Introduction to Inverse Trigonometric Functions
Figure 6.14 shows the graphs of each of the six trigonometric functions. Notice that each graph has the property that some horizontal line intersects the graph at least twice. Therefore none of these functions is invertible. Another way of seeing this point is that each of the trigonometric functions is 2πperiodic (that is, the function repeats itself every 2π units: f ( x + 2π) = f ( x )), hence each of these functions is not onetoone.
If we want to discuss inverses for the trigonometric functions, then we must restrict their domains (this concept was introduced in Subsection 1.8.5). In this section we learn the standard methods for performing this restriction operation with the trigonometric functions
Inverse Sine Function
Consider the sine function with domain restricted to the interval [− π/2, π/2] (Fig. 6.15). We use the notation Sin x to denote this restricted function. Observe that
on the interval (− π/2, π/2). At the endpoints of the interval, and only there, the function Sin x takes the values −1 and +1. Therefore Sin x is increasing on its entire domain. So it is onetoone. Furthermore the Sine function assumes every value in the interval [−1, 1]. Thus Sin : [− π/2, π/2] → [−1, 1] is onetoone and onto; therefore f ( x ) = Sin x is an invertible function.
We can obtain the graph of Sin ^{−1} x by the principle of reflection in the line y = x (Fig. 6.16). The function Sin ^{−1} : [−1, 1] → [−π/2, π/2] is increasing, onetoone, and onto.
Inverse Cosine Function
The study of the inverse of cosine involves similar considerations, but we must select a different domain for our function. We define Cos x to be the cosine function restricted to the interval [0, ]. Then, as Fig. 6.17 shows, g ( x ) = Cos x is a onetoone function. It takes on all the values in the interval [−1, 1]. Thus Cos : [0, ] → [−1, 1] is onetoone and onto; therefore it possesses an inverse.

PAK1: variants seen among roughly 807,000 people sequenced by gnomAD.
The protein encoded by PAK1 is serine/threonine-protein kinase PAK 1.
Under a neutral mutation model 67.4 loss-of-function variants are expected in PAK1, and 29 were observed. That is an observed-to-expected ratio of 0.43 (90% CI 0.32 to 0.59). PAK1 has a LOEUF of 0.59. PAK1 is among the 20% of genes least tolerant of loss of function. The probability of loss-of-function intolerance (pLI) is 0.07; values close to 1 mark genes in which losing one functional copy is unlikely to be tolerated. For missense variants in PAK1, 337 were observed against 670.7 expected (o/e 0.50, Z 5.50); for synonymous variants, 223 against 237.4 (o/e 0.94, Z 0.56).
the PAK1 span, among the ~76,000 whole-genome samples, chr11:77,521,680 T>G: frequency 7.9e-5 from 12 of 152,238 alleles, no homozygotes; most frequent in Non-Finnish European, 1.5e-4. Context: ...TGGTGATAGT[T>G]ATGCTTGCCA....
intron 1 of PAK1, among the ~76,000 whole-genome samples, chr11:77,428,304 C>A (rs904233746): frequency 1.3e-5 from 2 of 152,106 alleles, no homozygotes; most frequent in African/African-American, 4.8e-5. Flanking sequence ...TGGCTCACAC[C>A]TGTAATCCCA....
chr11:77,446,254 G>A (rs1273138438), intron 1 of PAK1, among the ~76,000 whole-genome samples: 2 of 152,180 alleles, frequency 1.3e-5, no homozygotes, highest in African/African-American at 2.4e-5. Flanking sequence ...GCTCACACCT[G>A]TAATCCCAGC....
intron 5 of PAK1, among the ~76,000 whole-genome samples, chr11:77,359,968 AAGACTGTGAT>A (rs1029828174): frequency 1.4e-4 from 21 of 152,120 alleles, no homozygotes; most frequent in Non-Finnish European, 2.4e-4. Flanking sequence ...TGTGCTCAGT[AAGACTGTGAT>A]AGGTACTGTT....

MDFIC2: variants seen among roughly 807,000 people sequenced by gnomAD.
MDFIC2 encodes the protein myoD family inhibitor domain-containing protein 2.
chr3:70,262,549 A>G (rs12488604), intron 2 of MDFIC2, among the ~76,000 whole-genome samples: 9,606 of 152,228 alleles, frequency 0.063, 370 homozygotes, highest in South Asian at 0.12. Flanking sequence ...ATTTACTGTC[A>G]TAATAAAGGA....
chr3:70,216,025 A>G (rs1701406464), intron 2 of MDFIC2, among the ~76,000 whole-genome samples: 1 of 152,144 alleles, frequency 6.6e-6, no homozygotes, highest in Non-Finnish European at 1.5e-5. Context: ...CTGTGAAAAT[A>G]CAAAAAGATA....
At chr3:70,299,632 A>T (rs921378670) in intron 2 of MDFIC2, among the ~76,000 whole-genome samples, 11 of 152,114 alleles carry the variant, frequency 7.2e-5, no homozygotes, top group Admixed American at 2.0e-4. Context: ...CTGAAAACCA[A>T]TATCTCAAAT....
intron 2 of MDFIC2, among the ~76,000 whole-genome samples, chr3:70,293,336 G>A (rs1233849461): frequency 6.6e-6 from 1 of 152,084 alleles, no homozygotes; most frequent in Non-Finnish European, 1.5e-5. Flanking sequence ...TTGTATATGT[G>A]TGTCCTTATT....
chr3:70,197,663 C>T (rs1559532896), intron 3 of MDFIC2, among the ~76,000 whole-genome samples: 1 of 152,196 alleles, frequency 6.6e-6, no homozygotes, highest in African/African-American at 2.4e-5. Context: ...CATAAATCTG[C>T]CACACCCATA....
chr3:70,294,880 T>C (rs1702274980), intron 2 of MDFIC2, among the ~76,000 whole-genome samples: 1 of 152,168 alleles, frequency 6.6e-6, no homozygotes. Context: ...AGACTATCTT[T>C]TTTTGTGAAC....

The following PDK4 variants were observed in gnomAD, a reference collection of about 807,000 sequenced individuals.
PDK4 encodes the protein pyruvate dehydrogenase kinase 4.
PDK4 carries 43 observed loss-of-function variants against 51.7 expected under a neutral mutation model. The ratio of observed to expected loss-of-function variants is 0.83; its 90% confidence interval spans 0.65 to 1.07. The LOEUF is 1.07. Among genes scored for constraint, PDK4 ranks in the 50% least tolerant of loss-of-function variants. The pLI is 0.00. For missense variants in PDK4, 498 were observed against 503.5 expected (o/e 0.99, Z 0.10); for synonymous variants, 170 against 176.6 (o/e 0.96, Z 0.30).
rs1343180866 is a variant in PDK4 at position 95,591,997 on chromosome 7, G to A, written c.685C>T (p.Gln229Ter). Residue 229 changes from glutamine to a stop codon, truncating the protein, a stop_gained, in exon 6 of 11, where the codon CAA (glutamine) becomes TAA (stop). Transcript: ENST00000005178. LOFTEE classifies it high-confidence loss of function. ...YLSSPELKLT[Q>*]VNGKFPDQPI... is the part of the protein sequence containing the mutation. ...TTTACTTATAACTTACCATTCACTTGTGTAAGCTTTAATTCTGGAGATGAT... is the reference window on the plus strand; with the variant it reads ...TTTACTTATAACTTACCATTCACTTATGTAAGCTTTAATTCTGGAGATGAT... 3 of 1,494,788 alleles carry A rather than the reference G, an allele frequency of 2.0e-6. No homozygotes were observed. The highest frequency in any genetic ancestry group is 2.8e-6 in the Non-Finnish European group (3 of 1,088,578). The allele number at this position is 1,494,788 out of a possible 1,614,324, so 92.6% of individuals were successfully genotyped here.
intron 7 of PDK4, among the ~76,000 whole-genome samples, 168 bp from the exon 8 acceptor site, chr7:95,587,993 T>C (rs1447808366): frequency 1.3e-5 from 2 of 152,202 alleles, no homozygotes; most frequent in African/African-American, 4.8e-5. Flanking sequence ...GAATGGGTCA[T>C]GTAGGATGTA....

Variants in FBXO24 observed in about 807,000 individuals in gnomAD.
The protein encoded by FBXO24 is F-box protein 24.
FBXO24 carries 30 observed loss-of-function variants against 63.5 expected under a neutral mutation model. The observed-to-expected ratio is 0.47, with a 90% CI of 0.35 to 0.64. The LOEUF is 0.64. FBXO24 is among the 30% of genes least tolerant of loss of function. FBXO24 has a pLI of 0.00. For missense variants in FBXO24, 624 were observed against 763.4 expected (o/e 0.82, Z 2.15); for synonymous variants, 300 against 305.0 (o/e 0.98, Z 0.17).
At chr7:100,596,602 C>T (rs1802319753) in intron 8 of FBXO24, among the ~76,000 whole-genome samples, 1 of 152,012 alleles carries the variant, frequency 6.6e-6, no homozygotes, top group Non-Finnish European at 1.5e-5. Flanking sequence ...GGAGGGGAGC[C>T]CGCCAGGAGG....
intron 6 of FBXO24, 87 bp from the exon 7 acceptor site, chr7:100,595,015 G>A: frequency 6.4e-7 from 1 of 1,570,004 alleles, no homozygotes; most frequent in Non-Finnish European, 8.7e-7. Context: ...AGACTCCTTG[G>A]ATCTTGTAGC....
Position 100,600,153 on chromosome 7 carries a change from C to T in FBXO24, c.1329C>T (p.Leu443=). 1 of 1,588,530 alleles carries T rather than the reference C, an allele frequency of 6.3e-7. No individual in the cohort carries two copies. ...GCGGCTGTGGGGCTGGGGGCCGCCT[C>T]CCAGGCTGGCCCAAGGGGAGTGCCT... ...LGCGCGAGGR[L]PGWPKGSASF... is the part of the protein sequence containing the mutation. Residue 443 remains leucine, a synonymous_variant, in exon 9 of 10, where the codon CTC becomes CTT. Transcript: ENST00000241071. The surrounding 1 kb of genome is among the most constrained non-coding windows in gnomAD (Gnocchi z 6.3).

We reflect the graph of Cos x in the line y = x to obtain the graph of the function Cos ^{−1} . The result is shown in Fig. 6.18.
Examples
Example 1
Calculate
Solution 1
We have
Notice that even though the sine function takes the value at many different values of the variable x , the function Sine takes this value only at x = π/3. Similar comments apply to the other two examples.
We also have
We calculate the derivative of f ( t ) = Sin ^{−1} t by using the usual trick for inverse functions. The result is
The derivative of the function Cos ^{−1} t is calculated much like that of Sin ^{−1} t. We find that
Example 2
Calculate the following derivatives:
Solution 2
We have
You Try It : Calculate ( d/dx )Cos ^{−1} [ x ^{2} + x ]. Also calculate ( d/dx ) Sin ^{−1} × [ln x − x ^{3} ].
Example 3
Calculate each of the following derivatives:
Solution 3
We have
You Try It : Calculate ( d/dx ) ln[Cos ^{−1} x ] and ( d/dx ) exp[Sin ^{−1} x ].

1
 2
Ask a Question
Have questions about this article or topic? AskPopular Articles
 Kindergarten Sight Words List
 First Grade Sight Words List
 10 Fun Activities for Children with Autism
 Signs Your Child Might Have Asperger's Syndrome
 Definitions of Social Studies
 A Teacher's Guide to Differentiating Instruction
 Curriculum Definition
 Theories of Learning
 What Makes a School Effective?
 Child Development Theories